That's what I'm talking about!
Evan "No Nickname" Tanner - whether braided, bearded, or bald - is one of my guys. Always will be. Talks of him fighting on the UFC 76 card in September has brought me a pleasure I haven't known since I discovered Ben & Jerry's cinnamon bun ice cream.
For the benefit of those who may not know, here's the scoop on one of MMA's most beloved stars.
It was the late 90's and Tanner out for adventure, "collecting stories that I would be able to tell to my future children and grand children," he says. He was passing through of Amarillo, Texas, his hometown, when he decided that being in a local shoot fighting event "would be a really interesting story," he explains.
Tanner signed up for the next local fight card, intending his fight career to begin and end that very night. Long story short, he won the local heavyweight tournament and was invited to fight for a title.
Having learned the finer points of MMA under his own tutelage for the most part, Tanner was more than battle-tested by the time he debuted in the octagon at UFC 29 in 2000, having seen action against the likes of Paul Buentello, Heath Herring (twice), Ikuhisa Minowa, Justin McCully, and Travis Fulton.
After beating Elvis Sinosic, Shannon Rich, Phil Baroni (twice) and Robbie Lawler, the only man between Tanner and the middleweight championship was a very dangerous and a much younger Davis Terrell, who had been highly touted for his Gracie jiu-jitsu prowess and for having knocked out the legendary Matt Lindland in the first round. (Note: I hadn't seen Lindland dropped like that, and I don't think I have since.) Terrell was for real.
Early on against Tanner at UFC 51 (Feb. 5, 2005), things looked good for Terrell, who had secured what looked like a night-ending guillotine on Tanner. Somehow, Tanner popped his head out, found himself on top of a fatigued Terrell, and peppered him with what seemed like a never-ending barrage of punches and elbows. With just 25 seconds left in the first round, the referee rightfully stopped the fight. Evan Tanner was the new middleweight king.
In his first title defense four months later, Tanner took on Rich "Ace" Franklin, who'd beaten Tanner decisively back in 2003. In their rematch, Franklin picked up right where their first fight left off, earning a vicious TKO win and the middleweight belt. Four months later at Ultimate Fight Night 2, Tanner fell farther down the 185-pound food chain after suffering a highlight reel whooping from the very tough, very Canadian David Loiseau.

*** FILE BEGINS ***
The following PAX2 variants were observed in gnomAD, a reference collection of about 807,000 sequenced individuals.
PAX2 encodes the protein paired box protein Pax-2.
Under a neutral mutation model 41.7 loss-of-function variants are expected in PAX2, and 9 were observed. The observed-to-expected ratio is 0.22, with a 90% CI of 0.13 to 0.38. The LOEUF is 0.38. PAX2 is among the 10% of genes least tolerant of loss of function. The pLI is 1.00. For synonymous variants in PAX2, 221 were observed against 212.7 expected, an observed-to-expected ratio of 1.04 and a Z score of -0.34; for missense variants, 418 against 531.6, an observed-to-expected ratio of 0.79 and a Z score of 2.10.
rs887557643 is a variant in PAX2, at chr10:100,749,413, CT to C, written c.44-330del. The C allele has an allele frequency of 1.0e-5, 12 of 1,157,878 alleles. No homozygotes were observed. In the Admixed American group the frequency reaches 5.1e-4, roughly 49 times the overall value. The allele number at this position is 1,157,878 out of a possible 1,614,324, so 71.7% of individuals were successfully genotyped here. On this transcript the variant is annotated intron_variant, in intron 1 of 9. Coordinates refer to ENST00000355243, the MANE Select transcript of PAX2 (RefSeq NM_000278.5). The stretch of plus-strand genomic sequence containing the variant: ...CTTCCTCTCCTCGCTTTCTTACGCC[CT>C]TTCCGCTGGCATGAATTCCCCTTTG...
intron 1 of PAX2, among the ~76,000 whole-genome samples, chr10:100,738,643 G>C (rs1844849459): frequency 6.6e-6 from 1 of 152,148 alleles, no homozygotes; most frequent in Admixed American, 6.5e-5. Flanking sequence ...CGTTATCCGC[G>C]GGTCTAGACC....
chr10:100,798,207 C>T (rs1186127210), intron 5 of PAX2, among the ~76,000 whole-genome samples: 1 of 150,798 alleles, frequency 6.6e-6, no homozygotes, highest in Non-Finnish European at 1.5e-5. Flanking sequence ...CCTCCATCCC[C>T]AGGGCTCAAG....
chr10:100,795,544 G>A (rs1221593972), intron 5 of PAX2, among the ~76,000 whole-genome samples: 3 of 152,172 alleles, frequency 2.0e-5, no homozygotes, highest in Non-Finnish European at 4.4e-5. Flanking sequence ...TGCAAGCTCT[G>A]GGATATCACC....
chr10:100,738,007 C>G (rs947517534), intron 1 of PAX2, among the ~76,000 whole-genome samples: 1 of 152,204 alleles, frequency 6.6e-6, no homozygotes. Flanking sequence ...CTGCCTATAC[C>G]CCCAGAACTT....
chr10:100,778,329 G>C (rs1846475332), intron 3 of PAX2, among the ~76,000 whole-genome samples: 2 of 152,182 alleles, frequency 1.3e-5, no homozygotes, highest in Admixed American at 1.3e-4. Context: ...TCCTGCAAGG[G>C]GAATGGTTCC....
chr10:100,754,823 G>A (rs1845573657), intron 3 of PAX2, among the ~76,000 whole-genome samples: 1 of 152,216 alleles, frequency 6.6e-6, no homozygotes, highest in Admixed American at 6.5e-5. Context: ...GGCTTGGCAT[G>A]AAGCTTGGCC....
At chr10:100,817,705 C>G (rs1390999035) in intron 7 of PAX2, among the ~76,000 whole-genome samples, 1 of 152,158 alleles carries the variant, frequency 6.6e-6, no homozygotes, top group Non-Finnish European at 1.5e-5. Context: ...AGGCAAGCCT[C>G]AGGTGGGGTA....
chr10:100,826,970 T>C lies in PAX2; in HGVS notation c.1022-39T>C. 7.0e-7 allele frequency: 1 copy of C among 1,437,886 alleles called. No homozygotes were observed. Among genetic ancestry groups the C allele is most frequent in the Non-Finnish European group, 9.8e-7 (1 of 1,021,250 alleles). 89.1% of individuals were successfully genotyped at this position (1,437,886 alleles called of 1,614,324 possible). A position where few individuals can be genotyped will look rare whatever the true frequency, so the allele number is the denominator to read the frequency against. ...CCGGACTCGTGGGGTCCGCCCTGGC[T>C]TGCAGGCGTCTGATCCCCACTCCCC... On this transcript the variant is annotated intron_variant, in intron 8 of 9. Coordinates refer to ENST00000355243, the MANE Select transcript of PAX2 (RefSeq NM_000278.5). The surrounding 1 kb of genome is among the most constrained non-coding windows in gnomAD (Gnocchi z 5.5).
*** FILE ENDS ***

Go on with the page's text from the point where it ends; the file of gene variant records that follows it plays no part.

Tanner returned to the octagon in April, 2006 at UFC 59, where he choked out Justin Levens in the first round. After that, Evan stepped away from the UFC and MMA altogether.
In December, 2006, Tanner set up an MMA foundation for disadvantaged young men and remodeled his home for the prospective foundation members. For a variety of reasons, the foundation hit a rough patch, and last month, Tanner pulled the plug on the foundation - for now, at least. Tanner poured his heart into helping young fighters at risk, so with this project now defunct, Tanner has redirected his efforts toward the UFC 185-pound division.
Evan Tanner will now fight under the Chute Boxe USA banner in what I hope will be his return journey to the top of the middleweight mountain.
"I think that no matter how peaceful we live, we all have a little anger inside. Maybe that is why I fight. It's not who I am, it's not how I define myself. It's just something I do. I could just as easily be doing anything else, but fighting is what the fates put before me. There must be some ultimate purpose to it." - Evan Tanner